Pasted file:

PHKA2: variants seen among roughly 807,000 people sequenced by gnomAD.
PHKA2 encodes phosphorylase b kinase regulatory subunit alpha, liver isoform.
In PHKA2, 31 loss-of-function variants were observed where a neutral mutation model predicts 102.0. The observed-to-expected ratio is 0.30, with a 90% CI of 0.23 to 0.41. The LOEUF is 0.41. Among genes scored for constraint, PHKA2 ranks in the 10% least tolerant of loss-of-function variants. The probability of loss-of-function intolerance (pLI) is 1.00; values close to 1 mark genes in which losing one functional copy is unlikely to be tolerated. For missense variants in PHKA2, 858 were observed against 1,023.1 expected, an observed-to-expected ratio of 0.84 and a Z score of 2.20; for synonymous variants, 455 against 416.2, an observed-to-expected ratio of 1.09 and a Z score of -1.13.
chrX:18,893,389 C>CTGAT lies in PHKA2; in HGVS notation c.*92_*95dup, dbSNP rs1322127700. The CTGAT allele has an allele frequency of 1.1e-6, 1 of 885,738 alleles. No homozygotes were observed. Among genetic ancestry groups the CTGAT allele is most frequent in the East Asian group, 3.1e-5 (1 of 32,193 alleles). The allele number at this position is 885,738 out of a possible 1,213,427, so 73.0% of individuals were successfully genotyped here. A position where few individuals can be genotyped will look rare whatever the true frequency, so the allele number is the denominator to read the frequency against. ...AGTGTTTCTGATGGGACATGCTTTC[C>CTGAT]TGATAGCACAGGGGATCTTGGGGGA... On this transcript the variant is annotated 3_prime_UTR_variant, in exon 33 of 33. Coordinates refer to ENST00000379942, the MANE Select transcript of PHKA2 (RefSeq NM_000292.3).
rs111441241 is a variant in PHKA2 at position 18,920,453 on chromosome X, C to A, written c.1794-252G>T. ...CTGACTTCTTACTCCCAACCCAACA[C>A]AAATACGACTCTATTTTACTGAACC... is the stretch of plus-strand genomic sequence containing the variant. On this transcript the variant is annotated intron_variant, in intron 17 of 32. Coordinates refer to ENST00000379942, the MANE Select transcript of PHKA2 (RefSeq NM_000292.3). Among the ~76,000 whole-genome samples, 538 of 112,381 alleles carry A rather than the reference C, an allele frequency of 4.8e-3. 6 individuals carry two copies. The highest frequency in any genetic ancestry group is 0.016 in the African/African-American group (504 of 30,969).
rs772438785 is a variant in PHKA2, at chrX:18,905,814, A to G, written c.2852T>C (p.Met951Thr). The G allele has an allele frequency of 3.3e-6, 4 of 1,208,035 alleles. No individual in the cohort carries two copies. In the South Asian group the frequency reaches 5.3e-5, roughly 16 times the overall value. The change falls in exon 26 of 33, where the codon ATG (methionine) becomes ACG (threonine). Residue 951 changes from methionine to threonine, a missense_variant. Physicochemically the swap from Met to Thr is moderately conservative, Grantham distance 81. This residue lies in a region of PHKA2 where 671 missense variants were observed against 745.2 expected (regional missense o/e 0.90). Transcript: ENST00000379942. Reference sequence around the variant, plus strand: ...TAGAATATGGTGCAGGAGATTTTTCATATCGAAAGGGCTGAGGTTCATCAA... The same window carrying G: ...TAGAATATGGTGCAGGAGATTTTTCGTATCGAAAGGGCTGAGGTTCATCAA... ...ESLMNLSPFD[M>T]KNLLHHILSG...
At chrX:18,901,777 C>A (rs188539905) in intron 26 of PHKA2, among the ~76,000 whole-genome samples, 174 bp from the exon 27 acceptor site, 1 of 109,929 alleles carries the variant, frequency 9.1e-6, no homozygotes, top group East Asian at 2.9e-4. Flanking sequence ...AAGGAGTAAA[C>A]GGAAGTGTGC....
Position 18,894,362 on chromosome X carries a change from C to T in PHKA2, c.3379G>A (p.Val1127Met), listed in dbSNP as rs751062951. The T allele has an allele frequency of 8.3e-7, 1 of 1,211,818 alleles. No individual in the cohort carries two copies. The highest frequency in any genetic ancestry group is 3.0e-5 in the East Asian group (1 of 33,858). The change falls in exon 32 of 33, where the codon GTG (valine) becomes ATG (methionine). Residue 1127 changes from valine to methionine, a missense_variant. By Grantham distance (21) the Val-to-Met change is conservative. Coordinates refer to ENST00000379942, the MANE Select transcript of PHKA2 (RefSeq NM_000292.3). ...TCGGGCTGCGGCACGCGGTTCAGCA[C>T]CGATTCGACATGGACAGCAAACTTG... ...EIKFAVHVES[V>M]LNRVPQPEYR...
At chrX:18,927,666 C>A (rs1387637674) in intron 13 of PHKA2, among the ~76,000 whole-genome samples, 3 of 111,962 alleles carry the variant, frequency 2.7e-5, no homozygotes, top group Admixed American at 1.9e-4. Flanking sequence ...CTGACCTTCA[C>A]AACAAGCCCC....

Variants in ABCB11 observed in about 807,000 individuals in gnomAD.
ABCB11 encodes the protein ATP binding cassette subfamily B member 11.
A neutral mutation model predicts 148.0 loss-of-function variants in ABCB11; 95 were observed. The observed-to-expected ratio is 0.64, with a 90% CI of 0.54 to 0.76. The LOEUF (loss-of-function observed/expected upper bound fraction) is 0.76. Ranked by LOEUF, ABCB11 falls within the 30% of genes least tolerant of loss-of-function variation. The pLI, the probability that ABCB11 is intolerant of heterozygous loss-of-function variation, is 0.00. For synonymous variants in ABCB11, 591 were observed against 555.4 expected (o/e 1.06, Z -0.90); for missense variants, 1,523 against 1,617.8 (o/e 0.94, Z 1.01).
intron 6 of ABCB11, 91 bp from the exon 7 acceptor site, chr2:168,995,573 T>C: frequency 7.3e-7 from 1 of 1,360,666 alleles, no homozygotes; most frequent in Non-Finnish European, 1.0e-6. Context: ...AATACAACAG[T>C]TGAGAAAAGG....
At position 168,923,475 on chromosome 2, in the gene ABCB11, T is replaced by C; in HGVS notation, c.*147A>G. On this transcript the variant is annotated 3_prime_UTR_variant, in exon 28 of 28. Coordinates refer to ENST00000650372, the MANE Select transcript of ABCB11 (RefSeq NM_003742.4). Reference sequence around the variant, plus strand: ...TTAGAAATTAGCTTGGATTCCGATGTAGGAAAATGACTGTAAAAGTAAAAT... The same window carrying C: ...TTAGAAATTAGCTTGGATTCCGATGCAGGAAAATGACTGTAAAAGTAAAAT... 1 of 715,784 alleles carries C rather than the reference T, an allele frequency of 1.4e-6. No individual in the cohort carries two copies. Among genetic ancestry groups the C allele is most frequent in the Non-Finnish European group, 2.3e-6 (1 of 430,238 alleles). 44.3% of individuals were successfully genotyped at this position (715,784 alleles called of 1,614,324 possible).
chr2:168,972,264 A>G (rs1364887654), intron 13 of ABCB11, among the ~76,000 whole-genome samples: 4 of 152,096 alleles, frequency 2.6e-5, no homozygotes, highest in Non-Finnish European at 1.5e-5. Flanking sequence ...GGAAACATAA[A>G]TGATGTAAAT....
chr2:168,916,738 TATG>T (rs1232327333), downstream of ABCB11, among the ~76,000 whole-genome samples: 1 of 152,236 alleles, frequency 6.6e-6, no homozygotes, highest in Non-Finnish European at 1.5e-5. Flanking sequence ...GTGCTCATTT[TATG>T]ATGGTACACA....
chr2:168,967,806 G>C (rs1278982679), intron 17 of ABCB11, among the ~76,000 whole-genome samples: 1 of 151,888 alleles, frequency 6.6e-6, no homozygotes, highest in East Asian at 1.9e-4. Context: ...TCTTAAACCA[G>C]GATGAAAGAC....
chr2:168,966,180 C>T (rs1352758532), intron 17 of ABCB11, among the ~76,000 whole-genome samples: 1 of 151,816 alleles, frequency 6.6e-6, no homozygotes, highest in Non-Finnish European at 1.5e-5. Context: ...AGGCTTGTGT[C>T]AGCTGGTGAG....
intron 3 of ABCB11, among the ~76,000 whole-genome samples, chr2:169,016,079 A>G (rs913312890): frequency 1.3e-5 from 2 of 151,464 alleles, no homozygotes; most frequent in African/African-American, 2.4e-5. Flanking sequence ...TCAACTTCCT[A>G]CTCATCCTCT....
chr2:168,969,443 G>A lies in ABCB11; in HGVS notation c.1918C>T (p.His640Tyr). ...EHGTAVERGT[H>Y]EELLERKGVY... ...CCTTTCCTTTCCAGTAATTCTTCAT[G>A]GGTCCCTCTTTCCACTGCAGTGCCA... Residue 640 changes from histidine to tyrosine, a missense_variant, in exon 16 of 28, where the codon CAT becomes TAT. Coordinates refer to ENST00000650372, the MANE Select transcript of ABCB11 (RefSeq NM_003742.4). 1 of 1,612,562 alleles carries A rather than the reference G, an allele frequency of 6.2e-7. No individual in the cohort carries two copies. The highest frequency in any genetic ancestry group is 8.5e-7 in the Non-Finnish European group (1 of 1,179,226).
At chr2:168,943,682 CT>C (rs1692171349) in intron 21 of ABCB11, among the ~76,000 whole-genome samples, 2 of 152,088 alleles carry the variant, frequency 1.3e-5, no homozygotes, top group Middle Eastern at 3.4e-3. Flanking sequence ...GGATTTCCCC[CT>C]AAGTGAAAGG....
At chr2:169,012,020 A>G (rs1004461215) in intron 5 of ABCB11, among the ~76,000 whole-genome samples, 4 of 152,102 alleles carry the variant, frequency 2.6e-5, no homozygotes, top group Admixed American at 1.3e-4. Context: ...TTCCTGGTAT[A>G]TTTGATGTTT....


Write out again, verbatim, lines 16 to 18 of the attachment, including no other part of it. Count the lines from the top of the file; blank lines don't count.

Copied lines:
chr2:168,916,738 TATG>T (rs1232327333), downstream of ABCB11, among the ~76,000 whole-genome samples: 1 of 152,236 alleles, frequency 6.6e-6, no homozygotes, highest in Non-Finnish European at 1.5e-5. Flanking sequence ...GTGCTCATTT[TATG>T]ATGGTACACA....
chr2:168,967,806 G>C (rs1278982679), intron 17 of ABCB11, among the ~76,000 whole-genome samples: 1 of 151,888 alleles, frequency 6.6e-6, no homozygotes, highest in East Asian at 1.9e-4. Context: ...TCTTAAACCA[G>C]GATGAAAGAC....
chr2:168,966,180 C>T (rs1352758532), intron 17 of ABCB11, among the ~76,000 whole-genome samples: 1 of 151,816 alleles, frequency 6.6e-6, no homozygotes, highest in Non-Finnish European at 1.5e-5. Context: ...AGGCTTGTGT[C>T]AGCTGGTGAG....